Our Struggle for Land Rights in the Cinchona Plantations and Tea Estates of Darjeeling and Kalimpong

Cinchona

In India, the struggle for land rights has been a long and arduous journey for many communities, including Adivasis who have traditionally depended on forests for their livelihood and cultural practices. While Adivasis constitute around 8.6% of India’s population, many other marginalized communities also face similar challenges in securing their land rights.

The Forest Rights Act of 2006

The Forest Rights Act (FRA) was enacted to address historical injustices faced by forest-dwelling communities, including both Adivasis and other traditional forest dwellers. The key provisions of the act include:

  • Recognition of Rights: The FRA recognizes the rights of forest-dwelling communities to live in and from the forest. This includes individual rights to land that is being cultivated by forest dwellers as of December 13, 2005, and community rights over common property resources.
  • Community Rights: The act provides for community rights over non-timber forest products, grazing areas, and fishing grounds, among others.
  • Right to Protect and Conserve: Communities have the right to protect, regenerate, conserve, and manage any community forest resource.
  • Development Rights: The act allows for the diversion of forest land for the development of community infrastructure and facilities managed by the government, subject to a ceiling of one hectare per project.
Cinchona Factory

Implementation and Challenges

While the FRA holds promise, its implementation has faced numerous challenges:

  • Awareness and Bureaucracy: Many Adivasis and other forest dwellers are not fully aware of their rights under the FRA. Additionally, bureaucratic hurdles and resistance from forest department officials have slowed the process.
  • Inconsistent Implementation: The implementation has been uneven across different states. Some states have made significant progress, while others lag behind.
  • Opposition and Evictions: In some cases, there has been opposition from conservation groups and the forest department, leading to conflicts and even evictions of forest dwellers.
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Success Stories

Despite these challenges, there have been notable successes:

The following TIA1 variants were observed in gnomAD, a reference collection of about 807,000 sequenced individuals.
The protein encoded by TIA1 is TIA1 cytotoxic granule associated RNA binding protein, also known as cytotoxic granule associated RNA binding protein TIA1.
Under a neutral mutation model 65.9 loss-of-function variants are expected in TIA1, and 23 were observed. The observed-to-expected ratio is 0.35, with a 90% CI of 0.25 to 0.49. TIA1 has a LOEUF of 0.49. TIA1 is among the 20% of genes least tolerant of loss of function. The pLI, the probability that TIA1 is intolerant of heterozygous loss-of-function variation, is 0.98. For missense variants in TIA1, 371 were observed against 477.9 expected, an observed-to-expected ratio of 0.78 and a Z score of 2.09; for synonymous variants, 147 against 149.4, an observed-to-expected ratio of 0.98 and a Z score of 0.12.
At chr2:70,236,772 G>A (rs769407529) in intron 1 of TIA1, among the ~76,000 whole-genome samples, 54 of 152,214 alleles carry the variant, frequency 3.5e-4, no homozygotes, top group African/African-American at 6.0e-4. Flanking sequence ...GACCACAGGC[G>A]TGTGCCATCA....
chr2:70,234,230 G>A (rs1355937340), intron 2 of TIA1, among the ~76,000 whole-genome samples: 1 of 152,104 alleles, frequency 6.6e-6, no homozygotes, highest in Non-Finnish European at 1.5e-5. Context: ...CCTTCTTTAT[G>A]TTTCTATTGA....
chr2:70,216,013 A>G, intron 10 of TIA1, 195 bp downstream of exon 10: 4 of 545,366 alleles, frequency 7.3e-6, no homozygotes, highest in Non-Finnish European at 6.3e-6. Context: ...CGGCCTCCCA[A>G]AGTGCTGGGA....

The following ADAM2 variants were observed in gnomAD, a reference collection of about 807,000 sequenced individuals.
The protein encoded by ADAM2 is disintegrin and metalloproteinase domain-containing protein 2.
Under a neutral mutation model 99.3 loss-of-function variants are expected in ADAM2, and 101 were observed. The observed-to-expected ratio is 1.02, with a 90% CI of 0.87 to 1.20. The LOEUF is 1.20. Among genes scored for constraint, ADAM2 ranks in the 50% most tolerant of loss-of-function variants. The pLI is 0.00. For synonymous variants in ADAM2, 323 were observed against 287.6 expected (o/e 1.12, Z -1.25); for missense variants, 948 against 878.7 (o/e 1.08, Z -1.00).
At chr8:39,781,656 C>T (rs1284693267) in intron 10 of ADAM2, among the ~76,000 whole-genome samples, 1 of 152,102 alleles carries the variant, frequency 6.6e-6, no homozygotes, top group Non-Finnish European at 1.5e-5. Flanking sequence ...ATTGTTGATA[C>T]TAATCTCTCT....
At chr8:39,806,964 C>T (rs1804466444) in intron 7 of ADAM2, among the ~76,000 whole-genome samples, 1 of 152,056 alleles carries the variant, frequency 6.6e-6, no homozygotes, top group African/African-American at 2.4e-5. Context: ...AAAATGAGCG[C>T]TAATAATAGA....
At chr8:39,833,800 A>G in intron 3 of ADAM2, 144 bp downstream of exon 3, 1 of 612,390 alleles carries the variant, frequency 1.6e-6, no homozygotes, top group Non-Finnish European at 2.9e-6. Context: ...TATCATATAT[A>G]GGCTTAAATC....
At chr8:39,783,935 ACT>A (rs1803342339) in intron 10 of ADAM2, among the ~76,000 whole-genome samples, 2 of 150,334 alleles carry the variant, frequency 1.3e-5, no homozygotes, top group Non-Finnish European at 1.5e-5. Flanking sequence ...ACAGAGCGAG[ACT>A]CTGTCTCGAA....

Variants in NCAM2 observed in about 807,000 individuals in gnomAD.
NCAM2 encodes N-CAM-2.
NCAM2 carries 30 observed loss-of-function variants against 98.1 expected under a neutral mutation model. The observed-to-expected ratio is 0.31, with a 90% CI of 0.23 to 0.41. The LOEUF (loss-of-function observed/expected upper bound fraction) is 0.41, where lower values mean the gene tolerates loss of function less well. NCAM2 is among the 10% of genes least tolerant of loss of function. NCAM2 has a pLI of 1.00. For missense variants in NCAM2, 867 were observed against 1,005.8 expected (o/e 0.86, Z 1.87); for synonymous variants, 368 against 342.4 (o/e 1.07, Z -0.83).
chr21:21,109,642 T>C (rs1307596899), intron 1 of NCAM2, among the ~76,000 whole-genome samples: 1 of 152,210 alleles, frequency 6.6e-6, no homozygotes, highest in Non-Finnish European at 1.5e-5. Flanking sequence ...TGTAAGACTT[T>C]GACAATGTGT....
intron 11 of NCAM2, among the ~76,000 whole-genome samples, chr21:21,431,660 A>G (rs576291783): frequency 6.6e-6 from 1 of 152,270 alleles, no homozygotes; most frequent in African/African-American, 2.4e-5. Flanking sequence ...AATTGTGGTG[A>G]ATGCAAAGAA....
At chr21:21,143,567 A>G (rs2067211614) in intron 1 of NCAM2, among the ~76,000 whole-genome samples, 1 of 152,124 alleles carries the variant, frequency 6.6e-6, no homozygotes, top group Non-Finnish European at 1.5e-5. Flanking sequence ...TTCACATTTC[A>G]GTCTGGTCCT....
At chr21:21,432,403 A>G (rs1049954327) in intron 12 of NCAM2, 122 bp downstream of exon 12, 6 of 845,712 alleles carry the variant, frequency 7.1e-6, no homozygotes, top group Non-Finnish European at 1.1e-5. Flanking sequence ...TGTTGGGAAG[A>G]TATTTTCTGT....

• Darjeeling and Kalimpong, West Bengal: In a significant move, the government has agreed to convert 79 forest villages in Darjeeling into revenue villages, recognizing the land rights of the residents. This decision marks a crucial step towards securing the land rights of forest dwellers in the region and is a testament to the power of persistent advocacy and community solidarity.
  • Mendha Lekha, Maharashtra: This village in Gadchiroli district became the first in India to receive community forest rights under the FRA. The villagers have successfully managed and conserved their forest resources.
  • Niyamgiri, Odisha: The Dongria Kondh tribe’s successful resistance against bauxite mining in the Niyamgiri Hills was bolstered by the FRA. Their struggle led to a historic Supreme Court ruling that recognized their rights and halted the mining project.

Impact and Way Forward

The FRA has had a significant impact on the recognition of rights for various forest-dwelling communities:

  • Empowerment: The act has empowered many communities by legally recognizing their traditional rights.
  • Conservation: Studies have shown that community management of forests can lead to better conservation outcomes than state-managed reserves.
  • Livelihoods: Recognizing land rights has improved the livelihoods of many forest-dwelling communities by providing them with security and access to resources.
Hydroxychloroquine and Cinchona
[File Pic]

Our Struggle in the Cinchona Plantations and Tea Estates of Darjeeling and Kalimpong

As original inhabitants of the Cinchona Plantations and tea estates of Darjeeling and Kalimpong in West Bengal, we, the Gorkha community, along with other marginalized groups, have long-established roots and a deep connection to these lands. Despite our deep-rooted connection to this land, we still do not have ownership rights. This land is not just a piece of earth to us; it is our home, our heritage, and our identity.

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We have equal fundamental rights like other citizens of India. It is time that our long-standing residency and contribution to this region are recognized by granting us ownership of the land we call home. Land is the biggest asset or property in anyone’s life, providing security, stability, and a sense of belonging.

The success stories of Mendha Lekha and the Dongria Kondh tribe inspire us. Their victories show that persistent struggle and solidarity can lead to recognition and justice. Just as the Forest Rights Act has empowered various forest-dwelling communities, we too seek recognition of our rights to the land we have nurtured and depended upon for generations.

Call to Action

We urge the authorities, our fellow citizens, and supporters to recognize our rightful claim to the land for the cinchona plantations and tea estates workers in Darjeeling and Kalimpong. Let us unite and advocate for our land rights, drawing strength from the successes of other marginalized communities across India. The Forest Rights Act represents a significant step towards addressing the long-standing grievances of forest-dwelling communities, and we believe it can serve as a model for securing our land rights for the cinchona plantations and tea estates workers in Darjeeling and Kalimpong. Let us work together to ensure justice and recognition for all who have long been denied their rightful place on the land they call home.

Writes: Dr. Sanjog Chhetri, Upper Village, Gairibas Cinchona Plantation


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